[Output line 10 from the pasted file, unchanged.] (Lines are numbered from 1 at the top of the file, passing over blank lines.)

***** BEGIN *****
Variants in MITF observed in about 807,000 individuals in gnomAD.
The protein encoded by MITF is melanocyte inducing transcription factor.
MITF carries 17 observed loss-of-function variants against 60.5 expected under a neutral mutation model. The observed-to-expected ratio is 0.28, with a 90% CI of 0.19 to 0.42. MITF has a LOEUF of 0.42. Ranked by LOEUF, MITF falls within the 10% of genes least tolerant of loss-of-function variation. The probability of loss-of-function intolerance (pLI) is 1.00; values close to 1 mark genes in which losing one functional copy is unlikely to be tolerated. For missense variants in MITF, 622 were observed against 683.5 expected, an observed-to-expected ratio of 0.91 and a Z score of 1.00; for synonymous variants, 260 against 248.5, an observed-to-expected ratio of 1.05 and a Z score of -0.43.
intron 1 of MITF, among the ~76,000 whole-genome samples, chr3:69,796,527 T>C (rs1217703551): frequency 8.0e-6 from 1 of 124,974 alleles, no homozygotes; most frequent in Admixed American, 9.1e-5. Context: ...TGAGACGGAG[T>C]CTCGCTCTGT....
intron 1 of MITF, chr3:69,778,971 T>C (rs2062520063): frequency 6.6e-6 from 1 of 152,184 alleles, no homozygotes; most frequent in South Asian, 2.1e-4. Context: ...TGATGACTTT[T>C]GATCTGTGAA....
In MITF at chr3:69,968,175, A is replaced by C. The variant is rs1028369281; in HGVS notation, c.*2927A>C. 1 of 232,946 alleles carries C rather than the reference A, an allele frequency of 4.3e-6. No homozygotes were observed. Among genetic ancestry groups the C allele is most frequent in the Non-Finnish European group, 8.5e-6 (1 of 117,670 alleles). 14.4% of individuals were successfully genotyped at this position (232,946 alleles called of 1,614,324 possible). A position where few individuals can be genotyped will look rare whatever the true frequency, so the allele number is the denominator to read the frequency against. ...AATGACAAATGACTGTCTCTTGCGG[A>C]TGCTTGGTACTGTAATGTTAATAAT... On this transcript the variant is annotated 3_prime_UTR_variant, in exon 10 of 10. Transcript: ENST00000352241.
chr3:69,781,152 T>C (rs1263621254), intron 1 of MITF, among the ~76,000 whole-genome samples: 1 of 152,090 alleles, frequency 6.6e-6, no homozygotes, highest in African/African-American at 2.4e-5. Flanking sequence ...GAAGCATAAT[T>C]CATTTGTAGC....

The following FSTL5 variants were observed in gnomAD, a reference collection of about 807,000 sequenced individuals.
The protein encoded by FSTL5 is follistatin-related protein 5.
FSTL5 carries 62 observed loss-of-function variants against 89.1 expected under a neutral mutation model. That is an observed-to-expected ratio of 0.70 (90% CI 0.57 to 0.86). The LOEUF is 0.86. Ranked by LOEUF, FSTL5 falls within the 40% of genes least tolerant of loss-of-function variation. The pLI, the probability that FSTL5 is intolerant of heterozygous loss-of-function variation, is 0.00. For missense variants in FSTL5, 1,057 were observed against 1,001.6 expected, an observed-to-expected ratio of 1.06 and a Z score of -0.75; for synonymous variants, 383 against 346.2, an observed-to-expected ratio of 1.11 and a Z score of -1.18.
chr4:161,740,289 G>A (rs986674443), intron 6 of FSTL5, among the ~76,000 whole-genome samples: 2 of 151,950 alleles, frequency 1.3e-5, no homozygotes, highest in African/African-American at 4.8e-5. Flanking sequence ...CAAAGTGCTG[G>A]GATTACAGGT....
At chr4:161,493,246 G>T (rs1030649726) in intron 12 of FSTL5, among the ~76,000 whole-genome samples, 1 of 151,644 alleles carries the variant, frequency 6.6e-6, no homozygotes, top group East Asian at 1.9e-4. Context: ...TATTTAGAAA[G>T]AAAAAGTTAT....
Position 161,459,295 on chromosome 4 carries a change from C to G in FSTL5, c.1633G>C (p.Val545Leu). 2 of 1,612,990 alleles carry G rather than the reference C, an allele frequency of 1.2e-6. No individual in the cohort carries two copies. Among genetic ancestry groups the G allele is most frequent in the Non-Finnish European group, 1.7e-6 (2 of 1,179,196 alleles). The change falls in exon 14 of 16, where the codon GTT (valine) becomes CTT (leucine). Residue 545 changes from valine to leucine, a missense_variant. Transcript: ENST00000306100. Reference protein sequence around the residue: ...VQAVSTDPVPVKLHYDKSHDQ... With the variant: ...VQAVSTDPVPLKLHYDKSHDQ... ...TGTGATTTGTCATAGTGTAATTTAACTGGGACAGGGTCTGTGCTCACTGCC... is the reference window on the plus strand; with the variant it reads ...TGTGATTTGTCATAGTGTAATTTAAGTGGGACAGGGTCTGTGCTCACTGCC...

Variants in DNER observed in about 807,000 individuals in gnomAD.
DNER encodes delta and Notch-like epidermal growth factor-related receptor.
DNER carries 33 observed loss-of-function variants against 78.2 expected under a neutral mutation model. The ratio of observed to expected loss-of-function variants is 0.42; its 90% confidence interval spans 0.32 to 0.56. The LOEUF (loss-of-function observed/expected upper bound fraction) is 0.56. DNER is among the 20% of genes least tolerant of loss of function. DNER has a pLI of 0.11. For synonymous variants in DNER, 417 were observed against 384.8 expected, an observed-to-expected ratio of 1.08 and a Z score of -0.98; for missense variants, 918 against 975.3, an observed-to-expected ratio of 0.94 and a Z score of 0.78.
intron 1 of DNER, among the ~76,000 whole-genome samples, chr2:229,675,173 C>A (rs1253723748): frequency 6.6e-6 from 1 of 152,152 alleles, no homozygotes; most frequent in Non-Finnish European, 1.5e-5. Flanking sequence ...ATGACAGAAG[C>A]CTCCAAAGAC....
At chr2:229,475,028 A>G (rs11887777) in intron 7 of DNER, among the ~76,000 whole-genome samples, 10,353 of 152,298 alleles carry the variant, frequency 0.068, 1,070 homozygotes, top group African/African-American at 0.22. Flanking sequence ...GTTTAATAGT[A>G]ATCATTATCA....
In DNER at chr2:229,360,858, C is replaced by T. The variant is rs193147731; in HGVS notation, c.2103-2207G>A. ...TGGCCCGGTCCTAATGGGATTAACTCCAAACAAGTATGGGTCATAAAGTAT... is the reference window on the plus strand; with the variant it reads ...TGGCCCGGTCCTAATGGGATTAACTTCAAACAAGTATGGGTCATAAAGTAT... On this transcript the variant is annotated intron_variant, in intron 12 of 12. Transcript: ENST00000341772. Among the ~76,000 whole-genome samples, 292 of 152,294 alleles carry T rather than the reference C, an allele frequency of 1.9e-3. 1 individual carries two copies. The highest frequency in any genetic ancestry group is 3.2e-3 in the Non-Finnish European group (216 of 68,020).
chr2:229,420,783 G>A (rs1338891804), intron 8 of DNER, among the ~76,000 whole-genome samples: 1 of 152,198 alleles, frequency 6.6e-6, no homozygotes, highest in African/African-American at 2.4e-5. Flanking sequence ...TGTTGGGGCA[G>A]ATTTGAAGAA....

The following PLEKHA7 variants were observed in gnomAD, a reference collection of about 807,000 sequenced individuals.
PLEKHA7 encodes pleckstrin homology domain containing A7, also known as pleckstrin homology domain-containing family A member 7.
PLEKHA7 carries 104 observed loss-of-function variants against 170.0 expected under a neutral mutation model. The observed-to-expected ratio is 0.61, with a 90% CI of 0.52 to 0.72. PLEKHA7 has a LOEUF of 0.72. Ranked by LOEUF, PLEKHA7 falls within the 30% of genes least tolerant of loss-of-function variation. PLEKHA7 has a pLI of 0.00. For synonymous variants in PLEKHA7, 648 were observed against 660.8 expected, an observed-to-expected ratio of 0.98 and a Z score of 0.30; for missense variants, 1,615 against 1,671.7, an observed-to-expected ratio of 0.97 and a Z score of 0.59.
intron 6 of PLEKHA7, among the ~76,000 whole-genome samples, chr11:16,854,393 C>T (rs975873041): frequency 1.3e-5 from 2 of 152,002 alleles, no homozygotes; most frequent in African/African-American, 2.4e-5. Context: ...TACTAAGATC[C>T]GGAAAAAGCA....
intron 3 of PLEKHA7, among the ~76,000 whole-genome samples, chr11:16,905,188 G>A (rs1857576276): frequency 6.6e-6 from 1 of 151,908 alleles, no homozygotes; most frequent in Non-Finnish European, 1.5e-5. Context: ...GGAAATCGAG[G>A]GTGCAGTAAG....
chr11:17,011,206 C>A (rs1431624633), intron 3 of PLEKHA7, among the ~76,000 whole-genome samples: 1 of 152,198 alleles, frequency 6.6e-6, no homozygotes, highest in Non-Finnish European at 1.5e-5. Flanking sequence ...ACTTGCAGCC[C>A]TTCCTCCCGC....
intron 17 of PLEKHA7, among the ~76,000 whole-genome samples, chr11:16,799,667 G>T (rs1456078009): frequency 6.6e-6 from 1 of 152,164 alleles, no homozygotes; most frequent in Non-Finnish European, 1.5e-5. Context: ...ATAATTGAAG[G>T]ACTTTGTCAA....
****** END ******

FSTL5 carries 62 observed loss-of-function variants against 89.1 expected under a neutral mutation model. That is an observed-to-expected ratio of 0.70 (90% CI 0.57 to 0.86). The LOEUF is 0.86. Ranked by LOEUF, FSTL5 falls within the 40% of genes least tolerant of loss-of-function variation. The pLI, the probability that FSTL5 is intolerant of heterozygous loss-of-function variation, is 0.00. For missense variants in FSTL5, 1,057 were observed against 1,001.6 expected, an observed-to-expected ratio of 1.06 and a Z score of -0.75; for synonymous variants, 383 against 346.2, an observed-to-expected ratio of 1.11 and a Z score of -1.18.